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Queens Chronicle

It’s official: Cabán concedes to Katz

Six weeks after primary, Borough Prez wins Dem DA nod by 55 votes

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Posted: Thursday, August 8, 2019 10:30 am

Brooklyn Supreme Court Justice John Ingram said Tuesday that he was prepared to go into Wednesday as he oversaw the examination of disputed ballots in the Democratic primary for Queens district attorney.

Public defender Tiffany Cabán made that unnecessary, conceding the nomination to Queens Borough President Melinda Katz as the math turned inevitably against her.

Katz started the day with a 60-vote lead over Cabán, which narrowed to 55 by the end of the court proceedings at the Board of Elections offices in Kew Gardens.

From the very start, Ingram, with attorneys from both sides around him as they argued about squiggles, check marks and voter intent, ruled repeatedly in support of the Board of Elections’ decision to invalidate them. The Daily News reported that Katz came out ahead by a final tally of 34,913 to 34,858.

“I want to thank Tiffany Cabán for bringing closure to this long and hard-fought race,” Katz said in a statement issued by her campaign Tuesday night.

“Too often, the process of primary campaigns obscures the vast commonalities we share as Democrats and reformers,” Katz continued. “We all want a safe Queens where everyone is treated equally.

“From the beginning of this race, I have been committed to bringing fundamental change to the District Attorney’s office,” she continued. “With the horrors of this past weekend still in my mind, I believe we need to focus on reducing gun violence and put an end to the proliferation of hate crimes.”

Katz now will face off against Republican nominee Daniel Kogan, an attorney who to date has run a minimalist campaign. He even was quoted in the New York Post in June as saying he might not wage a serious battle for the general election.

The winner in November will replace the late Richard Brown, who served for more than 28 years. Brown, who announced earlier this year that he would not seek renomination as a Democrat because of ill health, was 86 when he died in May.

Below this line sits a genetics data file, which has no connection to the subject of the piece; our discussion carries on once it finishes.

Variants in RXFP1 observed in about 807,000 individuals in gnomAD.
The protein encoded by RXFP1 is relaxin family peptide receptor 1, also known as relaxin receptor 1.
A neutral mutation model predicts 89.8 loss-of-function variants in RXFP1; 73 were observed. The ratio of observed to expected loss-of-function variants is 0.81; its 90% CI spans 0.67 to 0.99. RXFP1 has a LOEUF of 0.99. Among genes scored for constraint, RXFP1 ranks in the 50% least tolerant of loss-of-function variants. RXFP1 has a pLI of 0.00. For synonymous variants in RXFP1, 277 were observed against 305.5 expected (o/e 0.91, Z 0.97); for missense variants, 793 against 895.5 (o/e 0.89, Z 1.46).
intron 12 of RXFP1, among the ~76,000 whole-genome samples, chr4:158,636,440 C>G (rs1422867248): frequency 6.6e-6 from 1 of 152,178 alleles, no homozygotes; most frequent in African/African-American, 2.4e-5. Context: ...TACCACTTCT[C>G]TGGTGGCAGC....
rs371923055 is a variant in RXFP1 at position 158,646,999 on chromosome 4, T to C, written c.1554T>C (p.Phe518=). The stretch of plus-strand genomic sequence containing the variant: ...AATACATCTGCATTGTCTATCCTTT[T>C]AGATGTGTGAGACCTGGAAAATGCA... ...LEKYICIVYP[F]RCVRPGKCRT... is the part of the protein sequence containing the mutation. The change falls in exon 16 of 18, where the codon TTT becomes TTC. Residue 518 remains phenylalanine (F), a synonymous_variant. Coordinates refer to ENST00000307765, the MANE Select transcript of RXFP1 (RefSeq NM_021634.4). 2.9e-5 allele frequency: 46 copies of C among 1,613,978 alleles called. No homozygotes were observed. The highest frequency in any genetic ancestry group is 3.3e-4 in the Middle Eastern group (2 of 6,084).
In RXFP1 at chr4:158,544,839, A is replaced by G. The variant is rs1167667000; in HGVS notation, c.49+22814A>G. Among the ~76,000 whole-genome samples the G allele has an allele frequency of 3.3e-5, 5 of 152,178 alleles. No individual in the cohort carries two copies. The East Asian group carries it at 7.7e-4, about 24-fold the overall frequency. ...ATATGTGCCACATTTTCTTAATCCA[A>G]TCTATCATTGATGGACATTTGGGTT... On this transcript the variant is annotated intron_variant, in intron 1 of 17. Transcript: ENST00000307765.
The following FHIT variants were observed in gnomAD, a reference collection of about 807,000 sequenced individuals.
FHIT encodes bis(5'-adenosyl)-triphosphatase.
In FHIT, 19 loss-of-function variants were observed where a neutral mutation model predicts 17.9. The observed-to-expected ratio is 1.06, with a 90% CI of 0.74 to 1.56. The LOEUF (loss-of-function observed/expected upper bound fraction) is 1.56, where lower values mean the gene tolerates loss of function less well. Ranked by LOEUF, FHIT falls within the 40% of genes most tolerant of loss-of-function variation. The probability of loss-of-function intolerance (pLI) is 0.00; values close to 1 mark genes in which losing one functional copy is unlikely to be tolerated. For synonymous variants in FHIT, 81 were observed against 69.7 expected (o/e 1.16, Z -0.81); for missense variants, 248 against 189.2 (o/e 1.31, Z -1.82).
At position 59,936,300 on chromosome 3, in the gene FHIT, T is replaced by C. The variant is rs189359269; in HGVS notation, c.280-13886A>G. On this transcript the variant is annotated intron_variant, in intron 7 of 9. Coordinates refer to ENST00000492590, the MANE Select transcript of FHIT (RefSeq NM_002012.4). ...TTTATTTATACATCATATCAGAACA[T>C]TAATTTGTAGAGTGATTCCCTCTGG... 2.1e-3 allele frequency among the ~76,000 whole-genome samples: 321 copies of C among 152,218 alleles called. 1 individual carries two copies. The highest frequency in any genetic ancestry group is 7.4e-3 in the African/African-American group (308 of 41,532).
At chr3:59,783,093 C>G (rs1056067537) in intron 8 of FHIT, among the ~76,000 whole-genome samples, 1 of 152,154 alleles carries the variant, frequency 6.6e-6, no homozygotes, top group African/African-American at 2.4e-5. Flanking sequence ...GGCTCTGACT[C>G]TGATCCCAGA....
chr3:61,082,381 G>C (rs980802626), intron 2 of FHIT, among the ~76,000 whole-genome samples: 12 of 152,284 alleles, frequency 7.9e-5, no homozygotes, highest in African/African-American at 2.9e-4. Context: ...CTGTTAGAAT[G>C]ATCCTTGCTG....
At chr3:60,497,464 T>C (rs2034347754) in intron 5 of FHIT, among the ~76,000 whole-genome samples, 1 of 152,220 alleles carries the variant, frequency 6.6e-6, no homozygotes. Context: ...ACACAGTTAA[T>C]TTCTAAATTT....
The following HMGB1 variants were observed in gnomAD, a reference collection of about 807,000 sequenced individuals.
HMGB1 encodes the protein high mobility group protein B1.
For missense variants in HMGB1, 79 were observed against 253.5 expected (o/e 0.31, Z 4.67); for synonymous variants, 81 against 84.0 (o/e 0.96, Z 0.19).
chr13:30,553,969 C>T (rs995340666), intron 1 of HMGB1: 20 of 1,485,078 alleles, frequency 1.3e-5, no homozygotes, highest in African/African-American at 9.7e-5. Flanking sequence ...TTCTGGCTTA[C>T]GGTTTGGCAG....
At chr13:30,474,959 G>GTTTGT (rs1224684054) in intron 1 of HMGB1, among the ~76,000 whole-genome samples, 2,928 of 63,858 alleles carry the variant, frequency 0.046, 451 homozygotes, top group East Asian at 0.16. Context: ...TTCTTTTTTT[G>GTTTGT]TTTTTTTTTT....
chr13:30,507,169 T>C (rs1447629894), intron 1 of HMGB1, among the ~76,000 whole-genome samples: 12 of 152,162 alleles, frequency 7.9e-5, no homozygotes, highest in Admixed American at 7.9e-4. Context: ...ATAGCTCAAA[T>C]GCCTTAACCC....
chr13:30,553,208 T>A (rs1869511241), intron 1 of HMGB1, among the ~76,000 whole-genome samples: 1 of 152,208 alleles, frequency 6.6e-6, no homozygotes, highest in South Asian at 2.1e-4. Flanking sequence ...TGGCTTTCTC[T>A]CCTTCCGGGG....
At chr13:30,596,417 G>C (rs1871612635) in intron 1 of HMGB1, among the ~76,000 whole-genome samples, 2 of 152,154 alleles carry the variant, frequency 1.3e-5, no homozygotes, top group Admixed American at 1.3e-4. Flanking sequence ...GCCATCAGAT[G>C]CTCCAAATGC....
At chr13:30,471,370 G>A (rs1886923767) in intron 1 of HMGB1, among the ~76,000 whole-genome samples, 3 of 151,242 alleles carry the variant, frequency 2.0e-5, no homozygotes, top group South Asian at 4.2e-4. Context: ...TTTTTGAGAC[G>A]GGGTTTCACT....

The New York City chapter of the Democratic Socialists of America, Cabán’s first major backer, put out a statement of thanks to its supporters and volunteers.

“NYC-DSA was the first organization to endorse Tiffany back in February, when no one believed that a queer Latina public defender running on a bold agenda of decarceration and refusing money from corporations stood a chance of becoming the next DA,” they said Tuesday night. “What they didn’t realize was that it was precisely that agenda that would inspire hundreds of people to collect thousands of petition signatures, knock on tens of thousands of their neighbors’ doors, and help bring that agenda to the precipice of a borough-wide victory.”

Cabán was ahead by more than 1,000 votes at the end of Primary Night on June 25. But Katz declined to concede, forcing the Board of Elections to open the absentee, affidavit and provisional ballots and conduct a recount of all machines in all precincts.

There originally were seven candidates in all, with Katz easily securing the endorsement of the Queens County Democratic Party. Councilman Rory Lancman (D-Fresh Meadows) bowed out days before the primary, by which time Cabán was recognized as a serious threat to defeat Katz.

The race was seen as an important one to win for U.S. Rep. Gregory Meeks (D-Queens, Nassau), who earlier this year succeeded former Congressman Joe Crowley as party chairman. U.S. Rep Alexandra Ocasio-Cortez (D-Bronx, Queens), who backed Cabán, shook up the national political scene when she upset Crowley in a primary last year.

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